$\endgroup$
5
  • $\begingroup$ Oh wow, have I been lied to? Lots of textbooks make it sound like you can do that... Huh. Do you know any books or material that I can read on this subject? I want to understand the mathematics behind QM a bit better and more rigorously because I feel like I don't have a great grasp and a lot of things seem really hand wavy or misleading... That's the whole reason I tried to do what I tried to do here, I thought, hey, the textbooks pretend it's all infinite dimensional matrices etc, can't I just multiply their elements? $\endgroup$
    – Andreas C
    Jun 5, 2020 at 19:14
  • $\begingroup$ Oh lol I just noticed the post you linked to answered a similar question... $\endgroup$
    – Andreas C
    Jun 5, 2020 at 19:15
  • $\begingroup$ Still, I'd appreciate some sort of neat little book that explores the math about QM and what you can and can't do. $\endgroup$
    – Andreas C
    Jun 5, 2020 at 19:16
  • 1
    $\begingroup$ @AndreasC It's not available as a "neat little book", it's basically the entire mathematical field of functional analysis. A classic for the physicist interested in rigor is the multi-volume series (!) by Simon and Reed. $\endgroup$
    – ACuriousMind
    Jun 5, 2020 at 19:27
  • $\begingroup$ Jesus Christ I just checked it lol. It's actually huge. Yeesh. Idk where to start now... $\endgroup$
    – Andreas C
    Jun 5, 2020 at 21:15
1
$\begingroup$

I'm not sure I understand the question, but Dirac's picture, in his landmark book, instructs you to use $$ \hat X = \int dx ~~|x\rangle x \langle x| ,\\ \hat P = \int dx ~~|x\rangle \frac{\hbar}{i}\partial_x \langle x| , $$ so $$ \hat X \hat P = \int dx dx' ~~|x\rangle x \langle x |x'\rangle \frac{\hbar}{i}\partial_{x'} \langle x'| = \int dx dx' ~~|x\rangle x ~ \delta ( x -x') ~\frac{\hbar}{i}\partial_{x'} \langle x'| \\ = \frac{\hbar}{i} \int dx ~|x\rangle x ~ \partial_{x} ~\langle x| , $$ which evokes your matrix multiplication vision.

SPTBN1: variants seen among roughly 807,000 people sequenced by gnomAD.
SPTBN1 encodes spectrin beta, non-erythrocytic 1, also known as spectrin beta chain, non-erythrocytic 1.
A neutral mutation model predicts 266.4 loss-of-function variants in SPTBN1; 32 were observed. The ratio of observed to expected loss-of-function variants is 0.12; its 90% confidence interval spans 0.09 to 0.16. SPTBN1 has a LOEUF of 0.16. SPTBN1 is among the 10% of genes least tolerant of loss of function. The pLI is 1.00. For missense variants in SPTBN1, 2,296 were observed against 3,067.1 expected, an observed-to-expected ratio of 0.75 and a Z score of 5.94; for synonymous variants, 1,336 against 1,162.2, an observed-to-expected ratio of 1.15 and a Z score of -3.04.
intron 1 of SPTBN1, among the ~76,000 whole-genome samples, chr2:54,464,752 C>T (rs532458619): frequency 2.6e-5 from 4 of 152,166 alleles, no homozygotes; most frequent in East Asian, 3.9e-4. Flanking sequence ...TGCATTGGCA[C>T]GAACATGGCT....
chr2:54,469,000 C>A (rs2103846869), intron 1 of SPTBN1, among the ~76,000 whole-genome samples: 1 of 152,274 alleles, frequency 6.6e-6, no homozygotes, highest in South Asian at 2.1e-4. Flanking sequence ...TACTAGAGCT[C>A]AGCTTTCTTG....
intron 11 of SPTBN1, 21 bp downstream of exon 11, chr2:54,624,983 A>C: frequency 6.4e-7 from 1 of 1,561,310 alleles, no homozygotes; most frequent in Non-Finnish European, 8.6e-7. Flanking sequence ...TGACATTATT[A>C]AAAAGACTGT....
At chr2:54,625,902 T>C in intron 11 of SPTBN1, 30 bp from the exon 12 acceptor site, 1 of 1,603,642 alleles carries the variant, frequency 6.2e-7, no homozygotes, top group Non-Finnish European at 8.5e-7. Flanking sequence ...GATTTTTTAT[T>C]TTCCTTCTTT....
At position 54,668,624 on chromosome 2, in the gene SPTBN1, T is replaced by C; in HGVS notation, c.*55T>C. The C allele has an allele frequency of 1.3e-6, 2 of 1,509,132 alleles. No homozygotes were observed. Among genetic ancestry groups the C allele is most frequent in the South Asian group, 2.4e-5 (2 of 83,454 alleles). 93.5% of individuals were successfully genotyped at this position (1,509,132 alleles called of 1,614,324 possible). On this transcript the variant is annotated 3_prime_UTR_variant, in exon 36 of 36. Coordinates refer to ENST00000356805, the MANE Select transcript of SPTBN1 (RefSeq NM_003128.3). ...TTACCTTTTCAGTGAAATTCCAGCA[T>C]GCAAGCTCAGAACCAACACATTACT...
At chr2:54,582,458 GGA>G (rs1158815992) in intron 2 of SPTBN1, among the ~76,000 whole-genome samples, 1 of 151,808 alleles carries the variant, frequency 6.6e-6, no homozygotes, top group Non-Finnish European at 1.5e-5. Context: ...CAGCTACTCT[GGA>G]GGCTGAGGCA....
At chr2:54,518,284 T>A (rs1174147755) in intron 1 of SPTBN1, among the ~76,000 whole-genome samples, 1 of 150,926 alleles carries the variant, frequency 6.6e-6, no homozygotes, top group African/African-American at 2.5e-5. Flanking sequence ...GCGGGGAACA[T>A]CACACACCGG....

The "matrix" vision is normally illustrated by "quantum mechanics around the clock, in a "clock" of N hours, expounded in Weyl's celebrated book, where you see that $\hat P$ (found by Santhanam & Tekumalla) is not diagonal, but, in a cagey/crafty large N limit devolves to the above (which is also really not diagonal).

$\endgroup$
4
  • $\begingroup$ Huh... That reminds me of something I actually did earlier on thinking it was just bullshit... Interesting to see it isn't but I was mostly concerned about why what I described in my original post didn't work. Still, your post is definitely helpful. Ευχαριστώ ;) $\endgroup$
    – Andreas C
    Jun 5, 2020 at 21:21
  • 1
    $\begingroup$ Link to S&T is here. I can't do it myself, but I have watched RPF use "bullshit" to deadly effect. $\endgroup$ Jun 5, 2020 at 21:29
  • $\begingroup$ What is RPF? Also, this is pretty interesting, I'll look into it. $\endgroup$
    – Andreas C
    Jun 5, 2020 at 21:45
  • $\begingroup$ Ooooh alright. Well, yeah, unsurprising. He got results though. My bullshit didn't map exactly to what you mentioned but it was kinda similar in concept. To be completely honest I don't remember exactly what I did... I did it a few days ago when that question first sprang into my mind and for a while I thought "yeah, that makes sense". Then today I thought "hold on" and started looking further into it. I remember I still used delta functions somehow but I integrated over what I called x and y, and somehow it gave the correct result for the few operators I tried it on... $\endgroup$
    – Andreas C
    Jun 5, 2020 at 21:59

Your Answer

By clicking “Post Your Answer”, you agree to our terms of service, privacy policy and cookie policy

Not the answer you're looking for? Browse other questions tagged or ask your own question.